The international rating agency Moody`s notes that "even where foreign exchange reserves are high enough, for example, in Azerbaijan, confidence in local currencies remains fragile." Public finances and the banking system are still subject to sharp depreciation in local currency. Only the SOCAR credit debt under the state guarantee is equal to the official debt of Azerbaijan ...
According to official data, according to the results of 2019, Azerbaijan's foreign debt amounted to $ 9,91 billion, which is 18,9% of GDP, and SOCAR has a total debt of AZN 13,7 billion.
The Azerbaijani government will have to make maximum efforts, on the one hand, to increase ZRV, and on the other, to reduce the amount of public debt against the background of the spread of the coronavirus. Although oil quotes in 2020 will not remain in the range of $ 40 per barrel - not least because of the same epidemic.
Against this background, Azerbaijan's foreign debt is a major threat to the government in its intention to increase its foreign currency reserves and reduce its public debt. The progressive development of the Azerbaijani economy requires the presence of a growing volume of foreign currency, not the only but the main tasks of which are to maintain the national currency and fulfill payment obligations. It should be borne in mind that Baku is traditionally inclined to maintain a steady exchange rate of manat against the dollar.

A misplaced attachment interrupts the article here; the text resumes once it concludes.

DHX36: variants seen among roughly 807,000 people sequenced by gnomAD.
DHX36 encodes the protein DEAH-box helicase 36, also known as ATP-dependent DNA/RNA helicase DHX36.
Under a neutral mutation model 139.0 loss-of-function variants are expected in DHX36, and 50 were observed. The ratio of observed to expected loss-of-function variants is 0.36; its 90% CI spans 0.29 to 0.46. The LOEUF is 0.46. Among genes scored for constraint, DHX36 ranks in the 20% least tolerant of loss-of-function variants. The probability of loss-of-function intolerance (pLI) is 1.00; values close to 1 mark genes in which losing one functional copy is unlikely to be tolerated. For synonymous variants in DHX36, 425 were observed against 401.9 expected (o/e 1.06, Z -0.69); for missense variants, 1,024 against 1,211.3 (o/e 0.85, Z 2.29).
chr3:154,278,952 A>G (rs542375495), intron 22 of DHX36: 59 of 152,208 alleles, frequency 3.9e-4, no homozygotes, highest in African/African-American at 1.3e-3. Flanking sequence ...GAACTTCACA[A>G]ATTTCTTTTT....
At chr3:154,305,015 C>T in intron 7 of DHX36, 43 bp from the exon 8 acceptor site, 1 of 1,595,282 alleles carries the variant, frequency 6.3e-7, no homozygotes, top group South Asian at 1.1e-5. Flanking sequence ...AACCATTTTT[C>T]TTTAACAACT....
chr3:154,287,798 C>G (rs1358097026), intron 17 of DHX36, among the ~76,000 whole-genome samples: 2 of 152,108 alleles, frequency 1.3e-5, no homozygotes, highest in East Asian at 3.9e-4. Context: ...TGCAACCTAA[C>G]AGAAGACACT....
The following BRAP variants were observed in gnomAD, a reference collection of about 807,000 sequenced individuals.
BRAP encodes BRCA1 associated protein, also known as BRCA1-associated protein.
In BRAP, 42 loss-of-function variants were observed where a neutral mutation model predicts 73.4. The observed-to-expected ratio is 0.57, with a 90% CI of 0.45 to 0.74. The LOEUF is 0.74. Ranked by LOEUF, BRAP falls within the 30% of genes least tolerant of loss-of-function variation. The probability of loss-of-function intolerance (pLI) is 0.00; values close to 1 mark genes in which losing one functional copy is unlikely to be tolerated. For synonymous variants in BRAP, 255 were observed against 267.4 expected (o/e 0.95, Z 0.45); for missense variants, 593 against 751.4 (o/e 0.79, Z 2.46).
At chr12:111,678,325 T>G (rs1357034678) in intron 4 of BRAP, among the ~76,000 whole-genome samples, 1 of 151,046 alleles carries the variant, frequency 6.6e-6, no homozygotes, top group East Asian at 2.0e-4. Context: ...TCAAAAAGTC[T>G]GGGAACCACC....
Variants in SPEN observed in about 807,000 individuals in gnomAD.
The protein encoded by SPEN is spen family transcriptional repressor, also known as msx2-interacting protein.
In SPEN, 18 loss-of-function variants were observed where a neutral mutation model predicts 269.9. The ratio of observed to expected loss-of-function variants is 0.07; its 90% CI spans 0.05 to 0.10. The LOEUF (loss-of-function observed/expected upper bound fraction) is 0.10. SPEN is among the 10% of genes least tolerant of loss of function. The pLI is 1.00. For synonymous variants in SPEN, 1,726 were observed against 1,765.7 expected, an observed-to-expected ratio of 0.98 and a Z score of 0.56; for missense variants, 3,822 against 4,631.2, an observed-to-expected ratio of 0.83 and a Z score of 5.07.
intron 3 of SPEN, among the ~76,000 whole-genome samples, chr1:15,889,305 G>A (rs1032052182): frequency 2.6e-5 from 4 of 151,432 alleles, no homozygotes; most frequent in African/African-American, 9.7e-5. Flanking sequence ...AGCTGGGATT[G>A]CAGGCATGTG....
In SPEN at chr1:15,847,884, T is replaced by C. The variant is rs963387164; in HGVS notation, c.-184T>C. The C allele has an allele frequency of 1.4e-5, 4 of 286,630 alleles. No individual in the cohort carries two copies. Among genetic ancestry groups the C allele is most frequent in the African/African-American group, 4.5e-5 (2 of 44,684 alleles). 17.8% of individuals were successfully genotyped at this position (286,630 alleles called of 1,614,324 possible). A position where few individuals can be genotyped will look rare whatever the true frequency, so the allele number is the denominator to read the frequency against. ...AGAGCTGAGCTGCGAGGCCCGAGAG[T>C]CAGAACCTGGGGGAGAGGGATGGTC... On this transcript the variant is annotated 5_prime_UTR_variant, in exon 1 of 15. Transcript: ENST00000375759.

However, with the growth of Azerbaijan's foreign reserves, foreign debt is increasing in parallel. It mainly consists of loans raised by international financial institutions for infrastructure projects and financing programs, as well as funds raised through the placement of securities in international financial markets.
CBA Chairman E. Rustamov said that should any force majeure occur, the master regulator has $ 52 billion in foreign exchange reserves and will help prevent any crisis. Obviously, E. Rustamov was referring to the joint resources of the CBA and SFAF, which are just $ 52 billion (Azerbaijan's foreign reserves are formed from the reserves of the CBA, SFAF assets and treasury funds of the Ministry of Finance). CBA foreign exchange reserves as of January 31, 2020 amount to $ 6 billion 340,8 million.
The GFAR assets presented as foreign exchange reserves consist not only of currency. According to official information, on September 30, 2019, 69,6% of the assets of SNFAR were invested in bonds and other money market funds, 13,4% in stocks, 11,4% in gold and 5,6% in real estate. As can be seen from the composition of assets, the degree of liquidity of these funds, ie. the ability to turn into real money is different. Thus, 33,1% of these assets are placed at interest for a period of 1 year. (43,3% for 1-3 years; 12,2% for 3-5 years; 11,4% for 5 years). In other words, if these assets are liquid, then LPFAR cannot use it immediately if desired. Moreover, the shocks of the global financial market can depreciate these assets, ie. the stock price may fall, real estate (as well as gold) can be depreciated.
Direct and indirect factors